While I very much admire the outspokenness of Adm. Mullen, it comes at the end of his tenure and the impact of his statement has been judiciously hosed down by the White House and State Department officials, although President Obama was forthright in dumping the mess squarely into the lap of the Pakistani government and surprisingly perhaps, Haji Mali Khan, the senior Haqqani commander in Afghanistan was captured in late September, although the news only broke over the weekend.  However, as recently as October 1, there were reports from Europe that the Afghan government had gone cold on negotiations with the Taliban and some might be wondering whether it is in their interest to have the US and allied forces withdrawn.  I have changed my mind on the subject within the last year because I have always recognised that it is impossible to graft Western-style democracy on feudal and tribal societies and the degree of difficulty is increased by the religious element.  I felt that the Heritage group could have gone further in talking about Western diplomacy and relations with Islamic countries.   Diplomats in the West engaging with other Western and European countries have evolved a style of diplomacy which stresses personal relationships between leaders, which are not always reflected in official communiqués as Wikileaks has shown.  Nevertheless, there are certain modes of behavior that are understood on both sides.  Even during the Cold War, there were a number of back channels between the Soviet Union and the US and a certain amount of posturing was just that.  “Diplomacy” with Muslim leaders is a deep and murky process and Westerners need to know who and what they are dealing with in negotiations.

Ali Saleh, a jihadist in Yemen, whose “martyrdom” from a U.S. drone attack was celebrated in Al Qaeda’s Inspire magazine # 6 (Summer edition, August 2011, page 26).

Now more than ever, State Department officials are at risk serving abroad even in non-Muslim countries as we have seen in Africa.  European security and intelligence is usually tied in to the overall Western effort and American embassies tend to be well guarded.  One of the dreadful ironies of the Middle East is that the US has close ties with Saudi Arabia.  This is an absolutist monarchy, with a theocratic government; where the King has graciously permitted women to vote – in 2015.  The rights of women in Saudi Arabia are severely circumscribed.  They are not permitted to drive nor are they usually allowed to travel unaccompanied.  Nevertheless there are a considerable number of very well educated Saudi women especially in science and computer technology. But the iron rule from the Islamic clergy ensures that they remain second-class citizens.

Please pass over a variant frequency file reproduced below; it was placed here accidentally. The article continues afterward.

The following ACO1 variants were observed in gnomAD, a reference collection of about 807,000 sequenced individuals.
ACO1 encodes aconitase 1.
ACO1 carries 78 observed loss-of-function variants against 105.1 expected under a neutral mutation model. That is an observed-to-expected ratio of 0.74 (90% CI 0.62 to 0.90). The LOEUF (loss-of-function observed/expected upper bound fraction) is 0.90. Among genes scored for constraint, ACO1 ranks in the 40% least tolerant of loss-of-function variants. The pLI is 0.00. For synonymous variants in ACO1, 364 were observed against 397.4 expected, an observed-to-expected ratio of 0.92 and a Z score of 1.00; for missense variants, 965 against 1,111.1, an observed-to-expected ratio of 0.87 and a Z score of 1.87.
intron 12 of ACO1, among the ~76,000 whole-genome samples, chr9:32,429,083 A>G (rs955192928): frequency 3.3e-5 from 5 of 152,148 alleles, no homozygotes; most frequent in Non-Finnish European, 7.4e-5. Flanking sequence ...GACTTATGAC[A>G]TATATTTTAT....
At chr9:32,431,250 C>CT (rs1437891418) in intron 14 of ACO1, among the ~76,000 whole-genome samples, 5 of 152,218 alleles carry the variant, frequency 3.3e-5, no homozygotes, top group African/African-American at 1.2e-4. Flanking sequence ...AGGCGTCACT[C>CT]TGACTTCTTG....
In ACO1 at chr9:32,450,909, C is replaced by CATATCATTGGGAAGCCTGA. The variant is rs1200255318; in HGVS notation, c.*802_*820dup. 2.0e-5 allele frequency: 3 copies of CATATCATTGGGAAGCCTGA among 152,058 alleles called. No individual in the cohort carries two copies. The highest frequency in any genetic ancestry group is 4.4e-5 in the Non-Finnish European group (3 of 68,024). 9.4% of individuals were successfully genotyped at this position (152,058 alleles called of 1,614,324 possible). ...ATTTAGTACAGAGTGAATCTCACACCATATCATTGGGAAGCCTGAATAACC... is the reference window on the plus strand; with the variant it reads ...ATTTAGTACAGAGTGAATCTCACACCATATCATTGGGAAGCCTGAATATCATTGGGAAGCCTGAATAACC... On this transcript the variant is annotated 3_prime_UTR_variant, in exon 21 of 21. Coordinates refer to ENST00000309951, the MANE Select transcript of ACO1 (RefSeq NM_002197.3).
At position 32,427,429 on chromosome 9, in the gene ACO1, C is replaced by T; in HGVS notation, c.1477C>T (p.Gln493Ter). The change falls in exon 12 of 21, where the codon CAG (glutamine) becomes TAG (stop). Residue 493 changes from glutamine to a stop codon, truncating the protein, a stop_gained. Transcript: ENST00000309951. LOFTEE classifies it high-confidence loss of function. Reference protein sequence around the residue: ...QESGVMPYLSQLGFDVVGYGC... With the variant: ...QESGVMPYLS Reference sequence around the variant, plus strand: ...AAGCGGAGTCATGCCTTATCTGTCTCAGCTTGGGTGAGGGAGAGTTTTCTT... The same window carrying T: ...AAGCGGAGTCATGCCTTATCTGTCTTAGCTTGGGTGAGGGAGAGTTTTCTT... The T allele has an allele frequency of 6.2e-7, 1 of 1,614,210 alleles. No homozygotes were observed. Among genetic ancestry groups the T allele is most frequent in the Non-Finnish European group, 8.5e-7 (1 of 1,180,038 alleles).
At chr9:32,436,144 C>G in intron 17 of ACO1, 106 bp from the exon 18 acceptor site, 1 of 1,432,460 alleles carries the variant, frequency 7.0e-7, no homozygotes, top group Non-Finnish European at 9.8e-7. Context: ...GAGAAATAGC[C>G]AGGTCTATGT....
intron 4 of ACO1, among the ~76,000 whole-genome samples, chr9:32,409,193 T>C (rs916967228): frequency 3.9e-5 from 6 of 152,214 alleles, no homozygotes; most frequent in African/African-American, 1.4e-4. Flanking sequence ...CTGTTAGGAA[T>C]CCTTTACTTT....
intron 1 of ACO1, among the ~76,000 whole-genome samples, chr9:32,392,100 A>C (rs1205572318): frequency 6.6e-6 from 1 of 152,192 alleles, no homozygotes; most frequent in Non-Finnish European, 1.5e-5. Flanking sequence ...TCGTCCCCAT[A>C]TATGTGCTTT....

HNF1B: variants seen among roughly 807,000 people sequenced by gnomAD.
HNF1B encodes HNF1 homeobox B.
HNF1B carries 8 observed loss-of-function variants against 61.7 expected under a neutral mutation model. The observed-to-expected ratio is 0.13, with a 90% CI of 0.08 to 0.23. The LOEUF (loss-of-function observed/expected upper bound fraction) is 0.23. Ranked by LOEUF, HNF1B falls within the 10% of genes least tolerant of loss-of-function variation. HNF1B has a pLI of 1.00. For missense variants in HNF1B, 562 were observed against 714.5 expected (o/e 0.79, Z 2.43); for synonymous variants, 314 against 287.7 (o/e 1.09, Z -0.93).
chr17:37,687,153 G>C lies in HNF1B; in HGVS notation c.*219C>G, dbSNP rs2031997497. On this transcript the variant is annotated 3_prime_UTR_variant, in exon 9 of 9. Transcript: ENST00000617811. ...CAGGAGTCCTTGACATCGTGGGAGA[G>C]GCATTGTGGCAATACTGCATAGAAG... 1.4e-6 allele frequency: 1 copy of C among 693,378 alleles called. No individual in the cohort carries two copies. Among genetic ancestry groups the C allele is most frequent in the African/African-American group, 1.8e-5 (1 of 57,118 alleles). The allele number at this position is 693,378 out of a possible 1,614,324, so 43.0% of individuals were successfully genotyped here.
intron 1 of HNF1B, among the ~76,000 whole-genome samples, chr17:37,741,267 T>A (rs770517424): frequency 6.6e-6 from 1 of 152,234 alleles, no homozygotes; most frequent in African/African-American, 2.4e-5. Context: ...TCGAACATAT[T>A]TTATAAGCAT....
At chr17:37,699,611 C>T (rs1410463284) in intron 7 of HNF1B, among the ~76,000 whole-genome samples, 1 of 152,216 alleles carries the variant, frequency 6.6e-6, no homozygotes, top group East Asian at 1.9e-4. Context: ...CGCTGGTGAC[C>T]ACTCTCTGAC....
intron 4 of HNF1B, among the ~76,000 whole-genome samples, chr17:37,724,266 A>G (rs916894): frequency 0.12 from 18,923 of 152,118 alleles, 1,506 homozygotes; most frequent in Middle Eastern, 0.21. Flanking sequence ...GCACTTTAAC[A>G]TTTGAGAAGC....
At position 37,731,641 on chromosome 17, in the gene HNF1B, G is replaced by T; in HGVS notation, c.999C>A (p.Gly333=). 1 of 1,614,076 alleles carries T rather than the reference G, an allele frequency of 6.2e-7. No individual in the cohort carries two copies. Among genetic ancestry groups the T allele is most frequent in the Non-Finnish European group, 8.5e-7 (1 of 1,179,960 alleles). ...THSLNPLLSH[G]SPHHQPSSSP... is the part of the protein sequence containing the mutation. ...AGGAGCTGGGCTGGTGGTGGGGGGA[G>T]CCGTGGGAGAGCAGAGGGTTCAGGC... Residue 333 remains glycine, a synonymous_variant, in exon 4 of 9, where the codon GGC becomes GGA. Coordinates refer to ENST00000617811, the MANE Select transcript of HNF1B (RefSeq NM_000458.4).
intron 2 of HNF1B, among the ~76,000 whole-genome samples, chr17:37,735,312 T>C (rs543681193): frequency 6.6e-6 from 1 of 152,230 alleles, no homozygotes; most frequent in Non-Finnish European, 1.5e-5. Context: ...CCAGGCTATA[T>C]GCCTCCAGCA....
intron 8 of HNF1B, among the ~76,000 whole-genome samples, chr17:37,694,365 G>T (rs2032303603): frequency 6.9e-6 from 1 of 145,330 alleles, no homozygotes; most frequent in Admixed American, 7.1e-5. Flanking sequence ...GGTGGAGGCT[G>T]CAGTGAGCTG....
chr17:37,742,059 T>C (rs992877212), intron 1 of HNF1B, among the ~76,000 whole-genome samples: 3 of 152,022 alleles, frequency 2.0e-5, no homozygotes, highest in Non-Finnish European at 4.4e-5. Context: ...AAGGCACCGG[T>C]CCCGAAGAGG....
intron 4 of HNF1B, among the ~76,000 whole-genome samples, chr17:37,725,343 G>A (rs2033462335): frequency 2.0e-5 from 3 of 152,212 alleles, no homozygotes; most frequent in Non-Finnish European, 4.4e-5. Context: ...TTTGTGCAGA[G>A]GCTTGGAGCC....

An Australian academic of my acquaintance has written a great deal about funding from Saudi Arabia of schools and universities in the West and the great number of young Saudi Arabian men travel to the West to study. [3] Western governments allow this funding which comes with some conditions such as the right to build schools and mosques.  By contrast, no Christian church has been able to establish itself in Saudi Arabia because it is illegal. The only moderation in recent years has been to conduct executions behind closed doors.  At one stage, football stadiums were execution grounds where those found guilty of capital crimes were ritually beheaded.  Their compassion extends to minor infringements such as amputating limbs under anesthetic and providing follow-up treatment.  This is what we are dealing with – an unreconstructed oil rich feudal kingdom held together by a royal family, which is split into various groups.  It hardly needs to be mentioned that Osama bin Laden originally hailed from Saudi Arabia and although the Saudi government took action against his followers it and holdings, we simply do not know whether tacit approval for terrorism exists.  What we do know is that the export of fundamentalist Islamic ideology is active and widespread.  The long-term danger is the build up of Islamic communities, which can and do provide support for terrorists.  Needless to say, the Saudi government plays a very deep and long game in its diplomacy with the West and we should not forget their role in the first oil crisis of 1973.  Whether the wave of unrest sweeping the Middle East hits Saudi Arabia and makes an impact remains to be seen but strategically, the importance of this nation to the US and the security of Israel remains vital, even while Saudi clerics and diplomats routinely speak in vituperative terms about Israel.  Once more there is more than a little hypocrisy because some of the Wikileaks demonstrated quite clearly that more than a few governments in the region would be happy to see Israel take-out Iran.